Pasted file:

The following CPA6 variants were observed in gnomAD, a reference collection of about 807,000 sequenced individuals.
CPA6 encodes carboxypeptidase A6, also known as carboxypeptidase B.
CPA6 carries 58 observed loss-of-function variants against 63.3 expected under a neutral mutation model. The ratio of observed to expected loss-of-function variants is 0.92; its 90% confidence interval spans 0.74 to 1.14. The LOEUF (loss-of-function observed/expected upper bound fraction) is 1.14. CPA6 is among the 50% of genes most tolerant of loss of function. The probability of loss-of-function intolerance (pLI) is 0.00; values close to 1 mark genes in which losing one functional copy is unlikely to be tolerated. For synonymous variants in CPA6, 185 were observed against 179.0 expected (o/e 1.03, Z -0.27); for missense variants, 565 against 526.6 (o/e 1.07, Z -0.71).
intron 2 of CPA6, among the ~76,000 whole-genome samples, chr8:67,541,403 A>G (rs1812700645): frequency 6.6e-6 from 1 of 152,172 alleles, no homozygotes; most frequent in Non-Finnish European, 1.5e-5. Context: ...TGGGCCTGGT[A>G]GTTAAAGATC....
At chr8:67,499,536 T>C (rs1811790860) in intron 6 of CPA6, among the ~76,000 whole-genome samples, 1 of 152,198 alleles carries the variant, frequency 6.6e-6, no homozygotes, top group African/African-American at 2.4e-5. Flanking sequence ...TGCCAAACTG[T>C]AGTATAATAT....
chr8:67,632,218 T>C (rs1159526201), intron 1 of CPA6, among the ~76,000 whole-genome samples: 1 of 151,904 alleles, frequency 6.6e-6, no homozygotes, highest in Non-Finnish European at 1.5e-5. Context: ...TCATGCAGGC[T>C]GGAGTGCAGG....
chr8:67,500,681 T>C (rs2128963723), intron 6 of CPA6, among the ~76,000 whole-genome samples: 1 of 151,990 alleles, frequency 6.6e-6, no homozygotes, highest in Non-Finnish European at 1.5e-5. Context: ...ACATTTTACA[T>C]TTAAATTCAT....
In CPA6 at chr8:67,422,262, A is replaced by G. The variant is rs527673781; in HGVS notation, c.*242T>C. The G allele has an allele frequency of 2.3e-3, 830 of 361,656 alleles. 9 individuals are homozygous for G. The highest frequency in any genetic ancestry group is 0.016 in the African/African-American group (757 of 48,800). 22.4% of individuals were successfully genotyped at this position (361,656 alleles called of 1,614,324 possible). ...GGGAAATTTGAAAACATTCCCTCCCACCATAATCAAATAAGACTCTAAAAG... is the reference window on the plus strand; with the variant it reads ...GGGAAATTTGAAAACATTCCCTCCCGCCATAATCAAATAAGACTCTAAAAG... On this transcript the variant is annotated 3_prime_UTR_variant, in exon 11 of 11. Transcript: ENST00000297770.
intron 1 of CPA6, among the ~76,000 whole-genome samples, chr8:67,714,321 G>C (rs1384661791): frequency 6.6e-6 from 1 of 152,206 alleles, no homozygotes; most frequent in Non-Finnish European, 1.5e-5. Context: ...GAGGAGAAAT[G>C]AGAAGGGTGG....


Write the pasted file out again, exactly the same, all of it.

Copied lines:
The following CPA6 variants were observed in gnomAD, a reference collection of about 807,000 sequenced individuals.
CPA6 encodes carboxypeptidase A6, also known as carboxypeptidase B.
CPA6 carries 58 observed loss-of-function variants against 63.3 expected under a neutral mutation model. The ratio of observed to expected loss-of-function variants is 0.92; its 90% confidence interval spans 0.74 to 1.14. The LOEUF (loss-of-function observed/expected upper bound fraction) is 1.14. CPA6 is among the 50% of genes most tolerant of loss of function. The probability of loss-of-function intolerance (pLI) is 0.00; values close to 1 mark genes in which losing one functional copy is unlikely to be tolerated. For synonymous variants in CPA6, 185 were observed against 179.0 expected (o/e 1.03, Z -0.27); for missense variants, 565 against 526.6 (o/e 1.07, Z -0.71).
intron 2 of CPA6, among the ~76,000 whole-genome samples, chr8:67,541,403 A>G (rs1812700645): frequency 6.6e-6 from 1 of 152,172 alleles, no homozygotes; most frequent in Non-Finnish European, 1.5e-5. Context: ...TGGGCCTGGT[A>G]GTTAAAGATC....
At chr8:67,499,536 T>C (rs1811790860) in intron 6 of CPA6, among the ~76,000 whole-genome samples, 1 of 152,198 alleles carries the variant, frequency 6.6e-6, no homozygotes, top group African/African-American at 2.4e-5. Flanking sequence ...TGCCAAACTG[T>C]AGTATAATAT....
chr8:67,632,218 T>C (rs1159526201), intron 1 of CPA6, among the ~76,000 whole-genome samples: 1 of 151,904 alleles, frequency 6.6e-6, no homozygotes, highest in Non-Finnish European at 1.5e-5. Context: ...TCATGCAGGC[T>C]GGAGTGCAGG....
chr8:67,500,681 T>C (rs2128963723), intron 6 of CPA6, among the ~76,000 whole-genome samples: 1 of 151,990 alleles, frequency 6.6e-6, no homozygotes, highest in Non-Finnish European at 1.5e-5. Context: ...ACATTTTACA[T>C]TTAAATTCAT....
In CPA6 at chr8:67,422,262, A is replaced by G. The variant is rs527673781; in HGVS notation, c.*242T>C. The G allele has an allele frequency of 2.3e-3, 830 of 361,656 alleles. 9 individuals are homozygous for G. The highest frequency in any genetic ancestry group is 0.016 in the African/African-American group (757 of 48,800). 22.4% of individuals were successfully genotyped at this position (361,656 alleles called of 1,614,324 possible). ...GGGAAATTTGAAAACATTCCCTCCCACCATAATCAAATAAGACTCTAAAAG... is the reference window on the plus strand; with the variant it reads ...GGGAAATTTGAAAACATTCCCTCCCGCCATAATCAAATAAGACTCTAAAAG... On this transcript the variant is annotated 3_prime_UTR_variant, in exon 11 of 11. Transcript: ENST00000297770.
intron 1 of CPA6, among the ~76,000 whole-genome samples, chr8:67,714,321 G>C (rs1384661791): frequency 6.6e-6 from 1 of 152,206 alleles, no homozygotes; most frequent in Non-Finnish European, 1.5e-5. Context: ...GAGGAGAAAT[G>C]AGAAGGGTGG....